Let Km be an empirical measurement of a certain enzyme with concentration [E]. Theoretically, this value is constant and shouldn't vary when [E] goes up or down. Now let [E']=10*Km. Under this concentration of enzyme, it's clear that if [S]=Km, V0 cannot be 1/2*Vmax (as there's only enough substrate to saturate 1/10-th of the enzyme molecules). What's happening here, and how does this relate to the derivation of the Michaelis-Menten equation?

  • $\begingroup$ I can imagine if your K<sub>cat</sub> is sufficiently high and your K<sub>r</sub> for the reverse reaction of [E][S] ↔ [ES] is sufficiently low, the assumptions that Michaelis-Menten kinetics work on begin to break down, like reversibility and equilibrium. $\endgroup$
    – CKM
    Jun 26, 2018 at 3:18
  • $\begingroup$ @CKM maybe, but those are not affected by concentration (and if they are, how?). $\endgroup$ Jun 26, 2018 at 10:48

3 Answers 3


Michaelis-Menten is often challenging for students because of the importance of the conditions that must exist in order for the model to hold. Walking through the derivation and the relevance of the assumptions can be helpful. Berg's Biochemistry is available via NCBI, and the section on Michaelis-Menten kinetics does a good job here, illustrating the following points:

Assumption 1: The rates of all the relevant reactions are linear.

This assumption is what allows us to write down the equations the derivation starts with. We look at each separate reaction, and say that the rate of that reaction is equal to some rate constant times the concentration of each thing on the left side. From the equation $E + S \rightleftharpoons ES \rightarrow E + P$, we get the following

  1. $E + S \rightarrow ES$

    • $Rate = k_1[E][S]$
  2. $ES \rightarrow E + S$

    • $Rate = k_{-1}[ES]$
  3. $ES \rightarrow E + P$

    • $Rate = k_2[ES]$

This assumption (the rate is linear) only matches the experimental evidence early on in the reaction, while most of the substrate is free $[S]$ (rather than bound up in $ES$). Remember this. It will come into play when we evaluate assumption 3.

Assumption 2: The $ES \rightarrow E + P$ reaction is irreversible

In order for us to combine the above rate equations to derive the Michaelis-Menten equation, the only source of ES should be from $E + S \rightarrow ES$. We can't have any measurable $E + P \rightarrow ES$. Experimentally, for enzymes that follow Michaelis Menten kinetics, this is true when $[E]$ and $[P]$ are small relative to [ES]. So here we have our first requirement that $[E]$ be small. Biochemical reactions tend to not involve very high changes in free energy. The in situ free energy of ATP hydrolysis is the high end for a reaction in the cell, and that releases about $50kJ mol^{-1}$. We're not talking about combustion here. So in fact, these reactions are often reversible at appreciable levels of $[E]$ and $[P]$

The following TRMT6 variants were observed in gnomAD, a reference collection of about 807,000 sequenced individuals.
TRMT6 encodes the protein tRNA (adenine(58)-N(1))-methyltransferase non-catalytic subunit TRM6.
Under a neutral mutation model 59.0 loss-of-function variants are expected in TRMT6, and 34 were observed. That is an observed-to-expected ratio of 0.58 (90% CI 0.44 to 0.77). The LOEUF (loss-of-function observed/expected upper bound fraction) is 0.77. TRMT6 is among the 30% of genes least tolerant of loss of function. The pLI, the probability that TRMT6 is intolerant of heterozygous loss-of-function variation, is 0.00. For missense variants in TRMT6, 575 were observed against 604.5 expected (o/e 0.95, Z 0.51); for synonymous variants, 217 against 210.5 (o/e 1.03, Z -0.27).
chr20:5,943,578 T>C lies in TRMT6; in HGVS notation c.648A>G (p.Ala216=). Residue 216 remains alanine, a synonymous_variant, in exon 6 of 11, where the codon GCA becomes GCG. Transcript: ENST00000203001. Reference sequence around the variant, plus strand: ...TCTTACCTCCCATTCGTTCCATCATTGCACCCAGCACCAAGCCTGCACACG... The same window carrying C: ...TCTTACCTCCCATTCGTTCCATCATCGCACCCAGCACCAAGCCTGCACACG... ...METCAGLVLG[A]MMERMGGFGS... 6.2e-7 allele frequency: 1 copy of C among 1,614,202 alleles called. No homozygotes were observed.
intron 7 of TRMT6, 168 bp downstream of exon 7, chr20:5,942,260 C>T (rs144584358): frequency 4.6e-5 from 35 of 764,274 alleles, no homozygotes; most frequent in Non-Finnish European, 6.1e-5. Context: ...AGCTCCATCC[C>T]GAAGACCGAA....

Assumption 3: ES formation and breakdown is at steady state

This assumption is often described in a confusing way, i.e. the entire reaction ($E + S \rightarrow E + P$) is at steady state. Lets drill down to what we're actually talking about. In order to derive the MM equation. We need the rate of formation of $ES$ to equal the rate of breakdown of $ES$, that is, for $\frac{d[ES]}{dt} = 0$. That is steady state. Let's say that in words: the change in $[ES]$ needs to be zero. We only achieve steady state at an early point in the reaction (remember, we need most of the substrate to be free $[S]$ for assumption 1 to hold), if $[S]$ is substantially greater than $[E]$. $E$ needs to be saturated with $S$ while $S$ is still mostly in the free form. This is the key combination of assumptions that the situation you described violates.

Once we meet the three assumptions above, we can write down the following equality:

$k_1[E][S] = (k_{-1} + k_2)[ES]$

This equation says that the rate of formation of $ES$ (the rate from equation 1 at the top) is equal to the combined rate of the breakdown of $ES$, either into $E + S$ or $E + P$ (equations 2 and 3 at the top). Once we have this equality, we can derive the Michaelis-Menten equation: $V_o = V_{max} \frac{[S]}{[S] + K_m}$, where $K_m = \frac{k_{-1} + k_2}{k_1}$. Again, see Biochemistry to walk through this.